The Grand Ole Opry has eveolved as a fraternity to country music's top performers.

Much of Nashville's reputation as the home to country music has come because of the weekly Grand Ole Opry broadcasts.

Saturday, February 16, 2008

Nashville is... the Nashville Sound

Nashville is not just the home of country music, its the birthplace of a specific genre of country music called the "Nashville Sound" or Countrypolitan.

According to Wikipedia (where I get most of my information about the world), the Nashville Sound popped up in the 50s, replacing Honky Tonk as the dominant country sound.

Music producers came up with the new sound by replacing the fiddles and steel guitars of Honky Tonk with smoother elements - string sections, backup singers and a crooning lead vocalist. The Nashville Sound also has a "pop" music feel, where you can really feel the beat. The idea was to move country music to the main stream.

The Nashville Sound was basically an attempt by music producers to make their records more popular - and thus more profitable.

The Nashville Sound is the grand-daddy of today's country music style. Its ironic that there are so many people who do not like country music, when it evolved from an attempt to make it more popular.

As I was putting together music for this blog that would represent the Nashville Sound, I found a lot of songs that are mainstream classics. Rhinestone Cowboy by Glen Campbell, Crazy by Patsy Cline, Tennessee Waltz by Chet Atkins, The Most Beautiful Girl by Charlie Rich and much more.

Listen to a few of the songs that I've posted. You may be surprised to know that you actually grew up listening to one or two songs that represent the Nashville Sound - and you may actually like what you hear. Let me know if you know of any other songs that I should include.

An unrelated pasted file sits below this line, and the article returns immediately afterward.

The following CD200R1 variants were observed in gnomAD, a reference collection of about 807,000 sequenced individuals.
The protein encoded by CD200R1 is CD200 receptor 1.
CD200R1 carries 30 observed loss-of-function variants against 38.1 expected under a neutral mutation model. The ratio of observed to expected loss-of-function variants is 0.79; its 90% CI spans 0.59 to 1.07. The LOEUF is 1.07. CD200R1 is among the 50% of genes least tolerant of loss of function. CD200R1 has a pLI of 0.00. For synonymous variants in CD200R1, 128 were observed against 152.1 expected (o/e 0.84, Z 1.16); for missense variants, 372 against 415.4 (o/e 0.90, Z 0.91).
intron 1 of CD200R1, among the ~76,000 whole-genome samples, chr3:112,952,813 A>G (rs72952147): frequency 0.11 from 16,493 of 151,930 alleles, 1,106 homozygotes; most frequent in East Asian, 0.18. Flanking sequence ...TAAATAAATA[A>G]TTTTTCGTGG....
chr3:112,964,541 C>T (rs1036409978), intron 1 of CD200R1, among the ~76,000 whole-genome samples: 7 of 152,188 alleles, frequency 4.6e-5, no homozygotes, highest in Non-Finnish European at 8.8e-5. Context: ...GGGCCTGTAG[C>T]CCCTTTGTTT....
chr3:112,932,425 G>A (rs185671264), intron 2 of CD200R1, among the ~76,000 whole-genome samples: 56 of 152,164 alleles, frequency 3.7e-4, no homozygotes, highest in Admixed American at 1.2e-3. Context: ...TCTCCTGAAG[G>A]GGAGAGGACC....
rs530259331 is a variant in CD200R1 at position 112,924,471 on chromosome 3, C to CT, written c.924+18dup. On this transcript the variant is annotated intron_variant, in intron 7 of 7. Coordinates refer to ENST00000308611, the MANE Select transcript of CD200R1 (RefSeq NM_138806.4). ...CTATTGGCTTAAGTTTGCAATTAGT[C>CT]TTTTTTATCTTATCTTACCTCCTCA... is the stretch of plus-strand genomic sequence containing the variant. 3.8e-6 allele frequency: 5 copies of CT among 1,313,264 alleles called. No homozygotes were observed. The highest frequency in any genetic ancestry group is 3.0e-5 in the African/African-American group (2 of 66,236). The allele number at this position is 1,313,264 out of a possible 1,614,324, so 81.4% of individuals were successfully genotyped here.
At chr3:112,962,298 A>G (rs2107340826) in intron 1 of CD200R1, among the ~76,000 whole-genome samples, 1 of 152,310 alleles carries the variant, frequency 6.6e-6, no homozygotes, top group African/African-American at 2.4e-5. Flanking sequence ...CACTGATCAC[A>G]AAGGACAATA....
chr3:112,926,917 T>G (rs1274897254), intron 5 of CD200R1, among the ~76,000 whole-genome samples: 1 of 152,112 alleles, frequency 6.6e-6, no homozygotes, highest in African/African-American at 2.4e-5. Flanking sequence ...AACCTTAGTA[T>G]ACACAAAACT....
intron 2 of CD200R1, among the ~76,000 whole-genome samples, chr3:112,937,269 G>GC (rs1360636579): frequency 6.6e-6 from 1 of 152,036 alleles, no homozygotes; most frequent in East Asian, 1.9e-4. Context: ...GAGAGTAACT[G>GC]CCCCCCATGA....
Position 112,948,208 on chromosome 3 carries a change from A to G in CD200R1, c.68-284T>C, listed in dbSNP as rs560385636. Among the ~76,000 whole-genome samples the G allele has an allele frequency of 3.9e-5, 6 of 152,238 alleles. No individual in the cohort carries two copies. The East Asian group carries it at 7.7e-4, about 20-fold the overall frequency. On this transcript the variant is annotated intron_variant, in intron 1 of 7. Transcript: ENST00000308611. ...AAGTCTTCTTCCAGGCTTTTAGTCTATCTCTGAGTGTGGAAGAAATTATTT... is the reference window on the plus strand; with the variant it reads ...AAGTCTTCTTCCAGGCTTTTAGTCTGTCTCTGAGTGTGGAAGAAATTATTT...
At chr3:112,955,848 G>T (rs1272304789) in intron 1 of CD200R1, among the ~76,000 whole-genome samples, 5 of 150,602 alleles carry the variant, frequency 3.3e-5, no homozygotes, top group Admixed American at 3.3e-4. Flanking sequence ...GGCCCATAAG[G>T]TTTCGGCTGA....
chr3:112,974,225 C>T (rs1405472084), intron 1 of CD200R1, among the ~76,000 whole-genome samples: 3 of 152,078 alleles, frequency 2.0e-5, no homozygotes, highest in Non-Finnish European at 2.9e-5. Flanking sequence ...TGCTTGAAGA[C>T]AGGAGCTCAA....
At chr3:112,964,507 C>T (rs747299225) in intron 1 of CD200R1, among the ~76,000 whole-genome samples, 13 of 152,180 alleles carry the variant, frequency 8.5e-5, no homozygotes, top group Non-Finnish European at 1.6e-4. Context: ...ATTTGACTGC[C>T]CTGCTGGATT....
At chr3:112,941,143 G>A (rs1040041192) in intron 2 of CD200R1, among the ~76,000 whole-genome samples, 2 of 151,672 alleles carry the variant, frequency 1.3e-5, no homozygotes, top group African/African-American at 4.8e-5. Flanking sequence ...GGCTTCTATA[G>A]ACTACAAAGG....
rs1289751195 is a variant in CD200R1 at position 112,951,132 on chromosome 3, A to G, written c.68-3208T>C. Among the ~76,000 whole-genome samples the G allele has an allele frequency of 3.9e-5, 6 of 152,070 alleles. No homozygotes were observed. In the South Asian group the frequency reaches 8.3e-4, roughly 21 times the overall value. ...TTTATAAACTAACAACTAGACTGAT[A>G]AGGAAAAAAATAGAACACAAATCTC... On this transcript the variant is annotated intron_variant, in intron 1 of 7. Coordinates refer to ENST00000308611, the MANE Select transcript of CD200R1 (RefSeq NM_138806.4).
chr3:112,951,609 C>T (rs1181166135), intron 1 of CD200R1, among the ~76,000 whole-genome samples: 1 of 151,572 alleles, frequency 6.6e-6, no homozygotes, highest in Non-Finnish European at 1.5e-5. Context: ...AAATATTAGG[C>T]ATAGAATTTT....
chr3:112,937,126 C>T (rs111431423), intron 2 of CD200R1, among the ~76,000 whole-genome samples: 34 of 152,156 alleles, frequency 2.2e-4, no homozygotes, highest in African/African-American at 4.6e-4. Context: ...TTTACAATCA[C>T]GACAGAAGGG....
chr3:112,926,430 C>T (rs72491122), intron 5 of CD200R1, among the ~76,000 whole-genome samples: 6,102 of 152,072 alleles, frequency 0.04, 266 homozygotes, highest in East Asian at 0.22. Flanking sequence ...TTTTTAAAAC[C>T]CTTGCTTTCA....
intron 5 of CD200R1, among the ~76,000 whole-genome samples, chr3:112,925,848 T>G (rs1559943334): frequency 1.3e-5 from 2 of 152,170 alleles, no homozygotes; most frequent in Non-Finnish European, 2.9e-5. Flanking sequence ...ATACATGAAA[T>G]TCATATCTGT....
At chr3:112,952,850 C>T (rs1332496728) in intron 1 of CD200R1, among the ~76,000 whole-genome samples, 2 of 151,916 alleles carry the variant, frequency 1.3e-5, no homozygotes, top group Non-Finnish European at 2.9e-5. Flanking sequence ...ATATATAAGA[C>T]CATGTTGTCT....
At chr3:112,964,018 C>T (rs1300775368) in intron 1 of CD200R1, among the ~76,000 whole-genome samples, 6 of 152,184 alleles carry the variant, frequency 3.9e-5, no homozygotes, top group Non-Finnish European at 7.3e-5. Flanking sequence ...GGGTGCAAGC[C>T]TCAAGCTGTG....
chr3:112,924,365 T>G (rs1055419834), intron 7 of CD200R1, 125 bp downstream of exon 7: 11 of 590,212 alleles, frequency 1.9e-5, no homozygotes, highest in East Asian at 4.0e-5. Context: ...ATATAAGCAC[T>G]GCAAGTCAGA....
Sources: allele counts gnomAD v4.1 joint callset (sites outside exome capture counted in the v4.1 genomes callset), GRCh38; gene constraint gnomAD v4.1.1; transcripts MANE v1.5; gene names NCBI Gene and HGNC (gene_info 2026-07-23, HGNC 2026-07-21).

A lot of these songs are very naustalgic for me. I can remember on several occasions riding in the car with Grandma and Grandpa - listening to this kind of music.

So how does this help me understand Nashville? I always thought of Nashville music and culture as being outside the mainstream - or at least the style of music that I like. Now that I've been digging deeper into the music that made it "Music City USA," I realize that maybe I can relate a little better to Nashville than I thought.

Friday, February 15, 2008

Nashville is... Music City USA

What comes to mind when you first think about Nashville? County music, right? What else do you think of? While country music is a big part of the Nashville culture, there's more to Music City than the honky tonk sounds of country music stars.

But what is Nashville? As an outsider, I don't know. I've always needed to feel a connection with the area I live in. However, like most people - that connection is deveoped by the way a place looks and the feel of the area.

Nashville's culture is built into the way it sounds. That's great for natives that already understand the other cultural cues, but I need to connect with the landscape, the architecture and the history.

This blog is my own attempt to discover what Nashville is so I can feel more comfortable in the culture.